President Obama made waves in the education world this October when his administration released a “Testing Action Plan” with a stated goal of reducing the burdens of standardized testing in American public schools. But despite this lofty goal, the plan itself does very little to change federal education policy.
The administration’s announcement came as a surprise to many in the sector because education policy throughout Obama’s presidency has largely focused on expanding the use of standardized testing in public schools.
The most notable expansion of standardized testing, the 2009 Race to the Top initiative, encouraged states to compete for federal funding by adopting state-level education measures favored by the Obama administration. To be eligible for grant money, states must increase the number of standardized tests administered each year and began tying teacher evaluations to students’ test performances. Forty-six states and the District of Columbia each participated in Race to the Top; the nineteen that were deemed the most successful received federal funding.
Although Race to the Top is the Obama administration’s most widespread standardized testing initiative, it was hardly the only program aiming to increase the use of standardized testing. In 2014, the Department of Education announced a similar plan aimed at Native American schools. Several initiatives have also aimed to increase participation in standardized testing among special needs students.
But such policies have incited criticism from groups across the political spectrum. Some progressives have expressed concern about the corporate influence in the creation of standardized tests. Teachers unions have argued for years that standardized testing doesn’t accurately measure students’ capabilities. Many conservatives see federally-mandated standardized testing as government overreach, saying that teacher evaluation and school funding should be managed at the state and local levels. And some parents and students—even those who don’t have any ideological issue with standardized testing—have become increasingly vocal in their opposition to the amount of time devoted to standardized tests.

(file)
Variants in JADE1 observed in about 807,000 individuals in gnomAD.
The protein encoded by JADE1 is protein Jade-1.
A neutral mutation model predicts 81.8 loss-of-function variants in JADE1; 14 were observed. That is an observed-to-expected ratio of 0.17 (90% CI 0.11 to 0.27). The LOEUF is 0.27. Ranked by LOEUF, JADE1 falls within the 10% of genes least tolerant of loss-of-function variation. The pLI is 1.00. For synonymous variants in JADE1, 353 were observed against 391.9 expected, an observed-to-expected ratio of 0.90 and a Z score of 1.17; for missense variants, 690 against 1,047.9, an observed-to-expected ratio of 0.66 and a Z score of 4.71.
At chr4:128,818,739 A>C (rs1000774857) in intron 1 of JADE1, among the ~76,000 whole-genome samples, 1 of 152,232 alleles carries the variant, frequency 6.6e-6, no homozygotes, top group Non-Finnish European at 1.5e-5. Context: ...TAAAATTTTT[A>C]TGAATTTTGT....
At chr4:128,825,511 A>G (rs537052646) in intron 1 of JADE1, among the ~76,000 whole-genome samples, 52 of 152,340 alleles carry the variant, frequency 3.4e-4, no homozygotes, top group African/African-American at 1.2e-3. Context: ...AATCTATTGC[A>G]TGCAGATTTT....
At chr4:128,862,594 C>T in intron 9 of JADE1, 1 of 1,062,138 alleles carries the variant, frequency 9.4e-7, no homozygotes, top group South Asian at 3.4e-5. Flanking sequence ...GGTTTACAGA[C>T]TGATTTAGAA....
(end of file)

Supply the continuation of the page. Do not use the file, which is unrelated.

While the opponents of standardized testing might be relieved by the president’s flip-flop, they may not want to celebrate too soon. Although the Testing Action Plan released by the Department of Education represents a substantial shift in Obama’s rhetoric, it is relatively lacking in policy prescriptions.
First, the Testing Action Plan does not mandate any direct policy changes; rather, it is just a set of guidelines directed at states and school districts, encouraging them to reform testing at a local level. But even if districts try to reform based on its advice, they are likely to find that the plan does not resolve the key issues surrounding standardized testing in American public schools.
The new guidelines mandate that exams must be “high quality,” “worth taking,” and “supportive of fairness,” but provide no explanation of how a test would meet these standards. This lack of clarity is problematic because the content of standardized tests has been a serious source of contention in the education community.
For example, the PARCC (Partnership for Assessment of Readiness for College and Careers) tests—used in 11 states and the District of Columbia during the 2014–2015 school year—were recently described by New Jersey Education Commissioner David Hespe as an “honest, accurate assessment.” Yet nearly 50,000 students in New Jersey opted out of the test last year, with some parents and teachers complaining that the questions were confusing and the standards were unfair. These disagreements will likely continue, and the new guidelines don’t provide a way to resolve them.